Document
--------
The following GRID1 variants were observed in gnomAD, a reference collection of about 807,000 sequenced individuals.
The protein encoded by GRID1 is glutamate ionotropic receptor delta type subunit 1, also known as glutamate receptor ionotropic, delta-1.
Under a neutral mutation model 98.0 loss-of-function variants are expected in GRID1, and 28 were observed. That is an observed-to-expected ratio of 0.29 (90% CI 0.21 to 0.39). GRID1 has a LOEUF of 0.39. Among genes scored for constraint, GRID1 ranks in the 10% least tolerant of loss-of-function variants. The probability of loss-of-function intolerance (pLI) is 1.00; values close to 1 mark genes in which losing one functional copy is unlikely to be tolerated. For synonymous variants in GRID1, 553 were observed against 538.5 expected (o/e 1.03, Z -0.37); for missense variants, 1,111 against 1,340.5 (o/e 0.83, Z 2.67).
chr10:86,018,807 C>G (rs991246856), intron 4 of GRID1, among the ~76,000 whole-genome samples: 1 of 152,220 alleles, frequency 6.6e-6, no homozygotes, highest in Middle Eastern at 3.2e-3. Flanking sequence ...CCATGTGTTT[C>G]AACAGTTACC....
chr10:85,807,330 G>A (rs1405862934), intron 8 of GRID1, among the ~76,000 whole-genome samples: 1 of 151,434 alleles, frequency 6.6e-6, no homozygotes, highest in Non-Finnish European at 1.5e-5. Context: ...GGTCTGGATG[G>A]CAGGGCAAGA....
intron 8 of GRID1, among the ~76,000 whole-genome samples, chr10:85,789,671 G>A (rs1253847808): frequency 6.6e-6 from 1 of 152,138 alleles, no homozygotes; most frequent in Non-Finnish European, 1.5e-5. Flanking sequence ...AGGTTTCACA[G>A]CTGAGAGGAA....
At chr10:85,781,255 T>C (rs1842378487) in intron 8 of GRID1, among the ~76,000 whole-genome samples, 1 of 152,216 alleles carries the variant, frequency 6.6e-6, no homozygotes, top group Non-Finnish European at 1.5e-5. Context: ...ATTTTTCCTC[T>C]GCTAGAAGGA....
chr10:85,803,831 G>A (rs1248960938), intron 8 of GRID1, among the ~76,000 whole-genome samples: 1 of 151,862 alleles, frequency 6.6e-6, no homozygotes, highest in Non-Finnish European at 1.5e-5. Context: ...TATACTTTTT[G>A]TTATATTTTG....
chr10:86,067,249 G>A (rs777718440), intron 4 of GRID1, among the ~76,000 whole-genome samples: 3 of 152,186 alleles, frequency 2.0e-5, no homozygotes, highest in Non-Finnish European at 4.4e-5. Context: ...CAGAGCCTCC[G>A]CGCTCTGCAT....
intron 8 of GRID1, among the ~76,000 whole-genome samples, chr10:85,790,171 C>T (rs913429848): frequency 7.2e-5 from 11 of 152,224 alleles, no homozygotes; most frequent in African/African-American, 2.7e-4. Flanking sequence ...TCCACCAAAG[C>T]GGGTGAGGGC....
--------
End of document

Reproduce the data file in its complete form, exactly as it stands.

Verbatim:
The following GRID1 variants were observed in gnomAD, a reference collection of about 807,000 sequenced individuals.
The protein encoded by GRID1 is glutamate ionotropic receptor delta type subunit 1, also known as glutamate receptor ionotropic, delta-1.
Under a neutral mutation model 98.0 loss-of-function variants are expected in GRID1, and 28 were observed. That is an observed-to-expected ratio of 0.29 (90% CI 0.21 to 0.39). GRID1 has a LOEUF of 0.39. Among genes scored for constraint, GRID1 ranks in the 10% least tolerant of loss-of-function variants. The probability of loss-of-function intolerance (pLI) is 1.00; values close to 1 mark genes in which losing one functional copy is unlikely to be tolerated. For synonymous variants in GRID1, 553 were observed against 538.5 expected (o/e 1.03, Z -0.37); for missense variants, 1,111 against 1,340.5 (o/e 0.83, Z 2.67).
chr10:86,018,807 C>G (rs991246856), intron 4 of GRID1, among the ~76,000 whole-genome samples: 1 of 152,220 alleles, frequency 6.6e-6, no homozygotes, highest in Middle Eastern at 3.2e-3. Flanking sequence ...CCATGTGTTT[C>G]AACAGTTACC....
chr10:85,807,330 G>A (rs1405862934), intron 8 of GRID1, among the ~76,000 whole-genome samples: 1 of 151,434 alleles, frequency 6.6e-6, no homozygotes, highest in Non-Finnish European at 1.5e-5. Context: ...GGTCTGGATG[G>A]CAGGGCAAGA....
intron 8 of GRID1, among the ~76,000 whole-genome samples, chr10:85,789,671 G>A (rs1253847808): frequency 6.6e-6 from 1 of 152,138 alleles, no homozygotes; most frequent in Non-Finnish European, 1.5e-5. Flanking sequence ...AGGTTTCACA[G>A]CTGAGAGGAA....
At chr10:85,781,255 T>C (rs1842378487) in intron 8 of GRID1, among the ~76,000 whole-genome samples, 1 of 152,216 alleles carries the variant, frequency 6.6e-6, no homozygotes, top group Non-Finnish European at 1.5e-5. Context: ...ATTTTTCCTC[T>C]GCTAGAAGGA....
chr10:85,803,831 G>A (rs1248960938), intron 8 of GRID1, among the ~76,000 whole-genome samples: 1 of 151,862 alleles, frequency 6.6e-6, no homozygotes, highest in Non-Finnish European at 1.5e-5. Context: ...TATACTTTTT[G>A]TTATATTTTG....
chr10:86,067,249 G>A (rs777718440), intron 4 of GRID1, among the ~76,000 whole-genome samples: 3 of 152,186 alleles, frequency 2.0e-5, no homozygotes, highest in Non-Finnish European at 4.4e-5. Context: ...CAGAGCCTCC[G>A]CGCTCTGCAT....
intron 8 of GRID1, among the ~76,000 whole-genome samples, chr10:85,790,171 C>T (rs913429848): frequency 7.2e-5 from 11 of 152,224 alleles, no homozygotes; most frequent in African/African-American, 2.7e-4. Flanking sequence ...TCCACCAAAG[C>T]GGGTGAGGGC....